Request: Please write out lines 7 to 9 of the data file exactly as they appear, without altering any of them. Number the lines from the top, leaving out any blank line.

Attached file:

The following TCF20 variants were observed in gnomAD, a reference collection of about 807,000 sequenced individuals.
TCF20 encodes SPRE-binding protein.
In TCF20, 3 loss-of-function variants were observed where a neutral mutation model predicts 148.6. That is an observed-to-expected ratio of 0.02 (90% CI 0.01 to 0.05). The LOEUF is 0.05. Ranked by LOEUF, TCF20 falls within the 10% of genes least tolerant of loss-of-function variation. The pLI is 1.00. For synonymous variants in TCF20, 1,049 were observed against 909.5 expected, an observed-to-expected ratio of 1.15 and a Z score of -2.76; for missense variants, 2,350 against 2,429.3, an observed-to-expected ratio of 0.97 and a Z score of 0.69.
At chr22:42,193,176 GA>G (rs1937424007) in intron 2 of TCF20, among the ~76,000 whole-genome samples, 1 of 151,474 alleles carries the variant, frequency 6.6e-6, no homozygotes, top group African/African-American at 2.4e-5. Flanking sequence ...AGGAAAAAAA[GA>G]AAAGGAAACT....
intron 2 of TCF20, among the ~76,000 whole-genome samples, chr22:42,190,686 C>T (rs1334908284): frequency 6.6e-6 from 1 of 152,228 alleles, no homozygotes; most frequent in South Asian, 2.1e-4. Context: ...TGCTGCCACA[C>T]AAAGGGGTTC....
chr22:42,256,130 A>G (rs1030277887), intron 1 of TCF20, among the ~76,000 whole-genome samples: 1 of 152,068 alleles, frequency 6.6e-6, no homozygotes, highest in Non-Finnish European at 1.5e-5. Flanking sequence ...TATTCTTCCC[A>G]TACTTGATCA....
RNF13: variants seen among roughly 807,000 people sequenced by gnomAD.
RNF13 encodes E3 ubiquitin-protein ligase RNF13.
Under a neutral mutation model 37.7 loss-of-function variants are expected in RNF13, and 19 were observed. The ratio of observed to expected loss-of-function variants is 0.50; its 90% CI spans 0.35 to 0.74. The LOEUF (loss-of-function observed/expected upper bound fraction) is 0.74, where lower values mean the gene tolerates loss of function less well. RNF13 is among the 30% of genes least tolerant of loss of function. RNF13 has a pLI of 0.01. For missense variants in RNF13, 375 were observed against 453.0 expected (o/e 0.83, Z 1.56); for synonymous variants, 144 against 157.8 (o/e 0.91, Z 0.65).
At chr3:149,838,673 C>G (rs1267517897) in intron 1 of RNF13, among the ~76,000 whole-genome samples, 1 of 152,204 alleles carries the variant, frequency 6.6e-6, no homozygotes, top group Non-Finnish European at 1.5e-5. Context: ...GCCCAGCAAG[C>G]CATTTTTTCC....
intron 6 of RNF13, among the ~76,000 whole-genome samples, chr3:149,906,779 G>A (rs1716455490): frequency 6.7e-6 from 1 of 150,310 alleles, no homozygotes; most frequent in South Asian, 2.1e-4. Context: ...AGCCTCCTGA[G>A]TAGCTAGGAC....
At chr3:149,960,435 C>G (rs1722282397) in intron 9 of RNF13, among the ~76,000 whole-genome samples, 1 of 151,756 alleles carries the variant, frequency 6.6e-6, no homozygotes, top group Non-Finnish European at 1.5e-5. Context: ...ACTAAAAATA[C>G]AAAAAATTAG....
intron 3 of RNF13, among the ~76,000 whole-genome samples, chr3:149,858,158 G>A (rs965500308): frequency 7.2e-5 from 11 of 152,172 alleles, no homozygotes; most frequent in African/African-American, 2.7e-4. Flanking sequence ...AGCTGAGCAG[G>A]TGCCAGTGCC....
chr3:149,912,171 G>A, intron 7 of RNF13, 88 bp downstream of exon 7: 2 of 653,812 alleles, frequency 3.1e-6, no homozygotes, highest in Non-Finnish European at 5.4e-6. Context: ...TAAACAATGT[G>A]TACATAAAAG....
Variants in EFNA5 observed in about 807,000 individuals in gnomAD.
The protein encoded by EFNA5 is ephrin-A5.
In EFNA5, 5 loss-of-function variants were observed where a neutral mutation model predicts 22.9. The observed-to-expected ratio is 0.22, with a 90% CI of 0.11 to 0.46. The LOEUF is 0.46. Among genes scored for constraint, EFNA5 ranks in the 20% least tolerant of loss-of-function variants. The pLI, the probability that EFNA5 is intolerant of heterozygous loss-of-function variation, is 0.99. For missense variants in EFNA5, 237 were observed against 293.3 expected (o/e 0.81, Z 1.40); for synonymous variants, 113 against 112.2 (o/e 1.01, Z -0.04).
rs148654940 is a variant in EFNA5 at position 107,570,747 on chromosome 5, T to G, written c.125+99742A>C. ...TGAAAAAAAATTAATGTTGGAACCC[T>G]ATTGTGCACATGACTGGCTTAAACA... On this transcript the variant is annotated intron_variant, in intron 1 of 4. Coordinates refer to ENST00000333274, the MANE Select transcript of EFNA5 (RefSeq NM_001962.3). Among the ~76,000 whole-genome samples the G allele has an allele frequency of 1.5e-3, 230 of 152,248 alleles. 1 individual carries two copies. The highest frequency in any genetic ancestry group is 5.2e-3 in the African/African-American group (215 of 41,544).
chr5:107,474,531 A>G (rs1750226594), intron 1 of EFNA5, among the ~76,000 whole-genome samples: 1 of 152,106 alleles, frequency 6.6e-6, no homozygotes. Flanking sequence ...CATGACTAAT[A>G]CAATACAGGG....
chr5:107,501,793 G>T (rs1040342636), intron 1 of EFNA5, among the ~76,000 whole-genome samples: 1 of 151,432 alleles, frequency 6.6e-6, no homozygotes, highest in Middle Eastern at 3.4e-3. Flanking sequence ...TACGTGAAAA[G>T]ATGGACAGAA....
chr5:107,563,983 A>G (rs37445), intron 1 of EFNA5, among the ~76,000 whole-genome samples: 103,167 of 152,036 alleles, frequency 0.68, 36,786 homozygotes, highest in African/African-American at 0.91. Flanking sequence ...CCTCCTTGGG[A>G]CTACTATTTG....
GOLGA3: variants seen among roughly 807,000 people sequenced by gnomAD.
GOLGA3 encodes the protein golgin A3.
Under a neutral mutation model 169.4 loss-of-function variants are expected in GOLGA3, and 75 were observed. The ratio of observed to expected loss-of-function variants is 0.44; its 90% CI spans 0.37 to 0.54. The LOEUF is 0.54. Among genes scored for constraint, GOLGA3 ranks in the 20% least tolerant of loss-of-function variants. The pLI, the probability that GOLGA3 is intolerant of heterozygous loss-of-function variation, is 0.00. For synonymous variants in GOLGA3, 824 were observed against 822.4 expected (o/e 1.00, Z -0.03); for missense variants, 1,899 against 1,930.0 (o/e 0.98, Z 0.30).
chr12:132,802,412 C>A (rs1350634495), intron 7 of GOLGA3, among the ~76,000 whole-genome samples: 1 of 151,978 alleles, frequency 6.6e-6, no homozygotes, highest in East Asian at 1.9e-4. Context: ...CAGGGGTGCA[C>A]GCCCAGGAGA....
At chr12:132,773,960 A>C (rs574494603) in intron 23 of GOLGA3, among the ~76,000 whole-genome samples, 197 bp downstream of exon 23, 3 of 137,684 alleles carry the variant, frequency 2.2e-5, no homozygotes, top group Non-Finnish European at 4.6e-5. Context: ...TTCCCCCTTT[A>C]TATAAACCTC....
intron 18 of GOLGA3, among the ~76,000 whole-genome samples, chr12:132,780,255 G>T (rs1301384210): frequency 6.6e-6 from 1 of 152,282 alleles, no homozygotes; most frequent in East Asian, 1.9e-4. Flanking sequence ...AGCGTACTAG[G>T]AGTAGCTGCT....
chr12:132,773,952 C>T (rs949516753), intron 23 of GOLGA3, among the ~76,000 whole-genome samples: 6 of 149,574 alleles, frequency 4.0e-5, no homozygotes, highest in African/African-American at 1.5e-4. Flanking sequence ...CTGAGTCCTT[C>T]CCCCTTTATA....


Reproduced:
RNF13: variants seen among roughly 807,000 people sequenced by gnomAD.
RNF13 encodes E3 ubiquitin-protein ligase RNF13.
Under a neutral mutation model 37.7 loss-of-function variants are expected in RNF13, and 19 were observed. The ratio of observed to expected loss-of-function variants is 0.50; its 90% CI spans 0.35 to 0.74. The LOEUF (loss-of-function observed/expected upper bound fraction) is 0.74, where lower values mean the gene tolerates loss of function less well. RNF13 is among the 30% of genes least tolerant of loss of function. RNF13 has a pLI of 0.01. For missense variants in RNF13, 375 were observed against 453.0 expected (o/e 0.83, Z 1.56); for synonymous variants, 144 against 157.8 (o/e 0.91, Z 0.65).